No. 8 University of Nebraska Cornhuskers (3-5): A program that has struggled to meet expectations since Scott Frost decided to come back to his alma mater, after leading UCF to a perfect 13-0 season. However, it’s been everything but perfect heading into year three. Junior Adrian Martinez, who also had high expectations heading into last year, is entering his third year as the signal caller for the Cornhuskers. I brought into the hype of the program from the transition from year one to year two, but I’m not buying the from year two to year three. In a division where they already have to play, Wisconsin, Minnesota and Iowa, add Penn State and Ohio State to their crossover games. I don’t think Frost will come close to the expectations set in front of him in year three.
No. 7 Indiana University Hoosiers (4-4): The Hoosiers are set up for their best finish in the Big Ten East. They have had some good teams and players under Tom Allen, but being in one of the best divisions in college football, Allen has never had a better finish in the Big ten East than fifth. With MSU rebuilding this year, Allen and the Hoosiers are in prime position to have their best finish in the Big Ten East, since the Big Ten moved to the East and West divisions in 2014.
No. 6 University of Iowa Hawkeyes (4-4): The Hawkeyes seem to be right in the middle of the Big Ten every year. Head coach Kirk Ferentz is the longest tenured head coach in FBS football and has held the position since 1999. Ferentz and the Hawkeyes continue to fight the battle of mediocrity since he took over.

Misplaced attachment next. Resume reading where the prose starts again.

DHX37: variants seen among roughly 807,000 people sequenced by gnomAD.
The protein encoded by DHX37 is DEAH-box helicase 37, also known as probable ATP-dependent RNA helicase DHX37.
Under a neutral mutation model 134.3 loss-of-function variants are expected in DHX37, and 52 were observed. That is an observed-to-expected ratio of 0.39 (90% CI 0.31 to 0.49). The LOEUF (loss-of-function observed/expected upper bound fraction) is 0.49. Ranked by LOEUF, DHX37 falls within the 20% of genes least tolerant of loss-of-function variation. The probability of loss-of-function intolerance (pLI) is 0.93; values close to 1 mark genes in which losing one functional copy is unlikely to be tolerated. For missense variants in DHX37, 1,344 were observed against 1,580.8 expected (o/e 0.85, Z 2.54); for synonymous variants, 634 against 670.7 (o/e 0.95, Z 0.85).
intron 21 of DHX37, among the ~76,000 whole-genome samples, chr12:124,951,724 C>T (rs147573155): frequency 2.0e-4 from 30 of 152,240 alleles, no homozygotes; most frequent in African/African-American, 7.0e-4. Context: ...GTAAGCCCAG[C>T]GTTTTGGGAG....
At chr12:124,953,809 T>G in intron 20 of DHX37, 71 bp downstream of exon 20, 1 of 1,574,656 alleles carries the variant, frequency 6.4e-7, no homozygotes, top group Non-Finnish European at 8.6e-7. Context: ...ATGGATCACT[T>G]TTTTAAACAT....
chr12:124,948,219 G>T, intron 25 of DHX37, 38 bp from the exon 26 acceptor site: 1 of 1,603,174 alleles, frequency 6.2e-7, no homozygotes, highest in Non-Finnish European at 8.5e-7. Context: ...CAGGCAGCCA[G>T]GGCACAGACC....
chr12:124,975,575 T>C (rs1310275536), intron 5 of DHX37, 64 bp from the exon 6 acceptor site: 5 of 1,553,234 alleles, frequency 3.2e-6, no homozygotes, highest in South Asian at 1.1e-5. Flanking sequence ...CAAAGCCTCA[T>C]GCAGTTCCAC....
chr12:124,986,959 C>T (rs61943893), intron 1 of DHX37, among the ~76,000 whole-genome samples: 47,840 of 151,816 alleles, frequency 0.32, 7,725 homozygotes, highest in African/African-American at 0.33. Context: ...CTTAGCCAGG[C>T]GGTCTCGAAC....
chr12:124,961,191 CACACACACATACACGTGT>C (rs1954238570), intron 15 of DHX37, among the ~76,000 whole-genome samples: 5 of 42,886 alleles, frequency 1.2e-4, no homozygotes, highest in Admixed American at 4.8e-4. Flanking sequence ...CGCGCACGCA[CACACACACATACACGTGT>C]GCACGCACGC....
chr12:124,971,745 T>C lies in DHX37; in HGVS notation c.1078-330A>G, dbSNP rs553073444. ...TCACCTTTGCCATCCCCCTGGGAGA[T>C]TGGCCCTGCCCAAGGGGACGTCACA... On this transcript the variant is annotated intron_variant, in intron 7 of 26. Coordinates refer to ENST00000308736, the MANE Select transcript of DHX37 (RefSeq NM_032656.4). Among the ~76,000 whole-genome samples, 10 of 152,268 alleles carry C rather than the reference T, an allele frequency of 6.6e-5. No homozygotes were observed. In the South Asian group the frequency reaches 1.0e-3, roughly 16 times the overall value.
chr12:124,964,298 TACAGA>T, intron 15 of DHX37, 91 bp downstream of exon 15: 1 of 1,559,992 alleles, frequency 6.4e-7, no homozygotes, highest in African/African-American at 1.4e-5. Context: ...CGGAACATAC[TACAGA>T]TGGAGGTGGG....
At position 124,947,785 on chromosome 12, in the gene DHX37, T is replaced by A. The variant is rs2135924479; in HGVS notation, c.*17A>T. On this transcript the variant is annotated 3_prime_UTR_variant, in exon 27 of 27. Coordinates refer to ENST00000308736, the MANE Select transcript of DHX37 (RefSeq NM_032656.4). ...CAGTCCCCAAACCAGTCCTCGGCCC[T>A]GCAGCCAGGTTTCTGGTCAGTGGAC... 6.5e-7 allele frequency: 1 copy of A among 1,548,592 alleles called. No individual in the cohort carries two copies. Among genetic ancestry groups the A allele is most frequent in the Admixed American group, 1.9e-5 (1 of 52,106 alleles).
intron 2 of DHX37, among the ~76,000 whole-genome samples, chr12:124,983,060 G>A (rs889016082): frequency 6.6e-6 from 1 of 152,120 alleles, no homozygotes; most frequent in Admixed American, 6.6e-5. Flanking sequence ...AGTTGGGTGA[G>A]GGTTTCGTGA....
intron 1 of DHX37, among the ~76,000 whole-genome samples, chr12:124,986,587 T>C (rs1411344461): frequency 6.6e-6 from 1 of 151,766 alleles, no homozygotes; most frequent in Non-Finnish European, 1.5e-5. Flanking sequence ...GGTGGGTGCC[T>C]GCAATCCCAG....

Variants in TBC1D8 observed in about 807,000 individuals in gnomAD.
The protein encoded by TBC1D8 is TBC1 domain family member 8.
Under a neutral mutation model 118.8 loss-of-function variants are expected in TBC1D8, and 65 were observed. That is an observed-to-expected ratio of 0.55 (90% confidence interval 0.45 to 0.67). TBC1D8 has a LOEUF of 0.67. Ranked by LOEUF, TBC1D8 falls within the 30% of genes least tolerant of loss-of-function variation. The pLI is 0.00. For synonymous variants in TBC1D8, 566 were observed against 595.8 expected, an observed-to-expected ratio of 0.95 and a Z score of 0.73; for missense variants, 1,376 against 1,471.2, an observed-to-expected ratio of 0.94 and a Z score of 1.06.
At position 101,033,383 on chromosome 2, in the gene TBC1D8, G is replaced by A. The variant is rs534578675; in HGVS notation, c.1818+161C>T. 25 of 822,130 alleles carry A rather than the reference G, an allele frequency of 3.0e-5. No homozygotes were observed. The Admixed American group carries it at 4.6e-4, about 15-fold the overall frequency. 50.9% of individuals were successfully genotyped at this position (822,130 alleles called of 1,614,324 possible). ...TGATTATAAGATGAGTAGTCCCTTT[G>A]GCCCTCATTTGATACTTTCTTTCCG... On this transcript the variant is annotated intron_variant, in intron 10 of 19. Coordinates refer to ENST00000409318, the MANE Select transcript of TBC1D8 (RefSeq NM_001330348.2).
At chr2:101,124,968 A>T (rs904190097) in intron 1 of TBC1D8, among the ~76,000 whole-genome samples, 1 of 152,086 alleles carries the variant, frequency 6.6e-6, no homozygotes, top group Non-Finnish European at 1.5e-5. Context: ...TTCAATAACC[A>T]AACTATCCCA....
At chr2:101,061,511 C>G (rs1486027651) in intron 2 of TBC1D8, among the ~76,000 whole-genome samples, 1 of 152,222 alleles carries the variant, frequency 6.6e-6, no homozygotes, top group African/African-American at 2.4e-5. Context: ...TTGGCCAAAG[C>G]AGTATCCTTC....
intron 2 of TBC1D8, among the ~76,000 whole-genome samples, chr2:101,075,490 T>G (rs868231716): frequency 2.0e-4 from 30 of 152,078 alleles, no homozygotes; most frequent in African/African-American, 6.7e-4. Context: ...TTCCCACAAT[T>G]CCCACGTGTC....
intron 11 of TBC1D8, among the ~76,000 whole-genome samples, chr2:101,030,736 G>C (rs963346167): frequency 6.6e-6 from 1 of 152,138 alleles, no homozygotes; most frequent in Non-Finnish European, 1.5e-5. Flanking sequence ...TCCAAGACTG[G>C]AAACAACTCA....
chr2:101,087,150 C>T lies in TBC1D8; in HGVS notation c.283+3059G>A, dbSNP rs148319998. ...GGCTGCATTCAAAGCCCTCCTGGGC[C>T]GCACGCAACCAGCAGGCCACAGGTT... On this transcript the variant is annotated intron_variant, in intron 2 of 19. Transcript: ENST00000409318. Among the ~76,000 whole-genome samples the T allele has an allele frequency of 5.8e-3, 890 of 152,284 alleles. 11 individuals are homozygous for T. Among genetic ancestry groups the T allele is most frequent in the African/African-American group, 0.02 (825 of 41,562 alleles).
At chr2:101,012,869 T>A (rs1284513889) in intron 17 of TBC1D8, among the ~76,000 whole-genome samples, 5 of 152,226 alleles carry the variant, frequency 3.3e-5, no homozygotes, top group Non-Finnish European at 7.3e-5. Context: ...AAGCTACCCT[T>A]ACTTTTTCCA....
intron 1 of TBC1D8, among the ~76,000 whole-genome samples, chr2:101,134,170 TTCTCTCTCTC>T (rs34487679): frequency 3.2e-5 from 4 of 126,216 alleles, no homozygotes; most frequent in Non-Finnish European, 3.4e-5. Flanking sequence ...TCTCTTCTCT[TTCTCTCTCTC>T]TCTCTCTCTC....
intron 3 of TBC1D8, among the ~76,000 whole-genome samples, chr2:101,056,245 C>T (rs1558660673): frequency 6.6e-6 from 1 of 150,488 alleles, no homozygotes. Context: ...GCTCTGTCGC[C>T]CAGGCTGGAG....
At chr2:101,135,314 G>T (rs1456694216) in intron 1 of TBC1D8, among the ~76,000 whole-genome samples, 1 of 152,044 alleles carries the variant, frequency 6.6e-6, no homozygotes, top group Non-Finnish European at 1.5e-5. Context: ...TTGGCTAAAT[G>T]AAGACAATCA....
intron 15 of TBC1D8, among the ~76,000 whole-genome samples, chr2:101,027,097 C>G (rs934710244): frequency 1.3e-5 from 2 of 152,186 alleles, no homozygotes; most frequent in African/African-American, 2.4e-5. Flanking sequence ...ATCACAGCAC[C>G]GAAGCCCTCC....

No. 5 Penn State University Nittany Lions (6-2): Penn State has one of the more favorable schedules in the Big Ten. Their crossover games aren’t overly difficult, going against Nebraska and Iowa. QB Sean Clifford should improve in his second year as their play caller. However, I think they lose to Michigan and OSU, they’re two biggest games on their schedule.
No. 4 University of Wisconsin Badgers (6-2): Wisconsin has been the best team in the West, winning the division three of the last four years. Paul Cryst has done a great job in his tenure but has still yet to win a Big 10 Championship. I think their season comes down to their game against arch rival Minnesota. Last year the Badgers won the Big Ten West over Minnesota in the last game of the year to win the West. This year I think they lose that match up, as well as going on the road to play Michigan, a place they haven’t won in almost two decades.
No. 3 University of Michigan Wolverines (6-2): Entering year six of Jim Harbaugh, yes I said that right, year six. The Wolverines have still yet to beat arch rival Ohio State. I don’t think anything changes this year, especially having to replace four of their five starters on the offensive line, and more than half of their starters. This will affect them the most in week 1 against Minnesota. They will settle in after that, but lose to OSU to end the year, just like it’s been over the last two decades.
No. 2 University of Minnesota Golden Gophers (8-1): The Golden Gophers are coming off their best season in program in almost sixty years. They went 11-2 in the third year of PJ Fleck, beating Auburn in the Outback Bowl. Like I said earlier, this team was one win away from the Big Ten Championship, and I think they run the table and get there this year. However, I think they lose to the beast that is Ohio State.
No. 1 Ohio State University Buckeyes (9-0): The New England Patriots of the Big 10. Since Urban Meyer took over the program just under a decade ago. Now, Ryan Day is in his second year after taking over for Meyer, and the Buckeyes didn’t skip a beat. They went 13-1 last year, winning in the Big 10 and losing to Clemson in the College Football Playoff. They did lose defensive end Chase Young, who was the best defensive player in the country last year. But they bring back junior Justin Fields and will be primed for not just another Big Ten title but another national championship.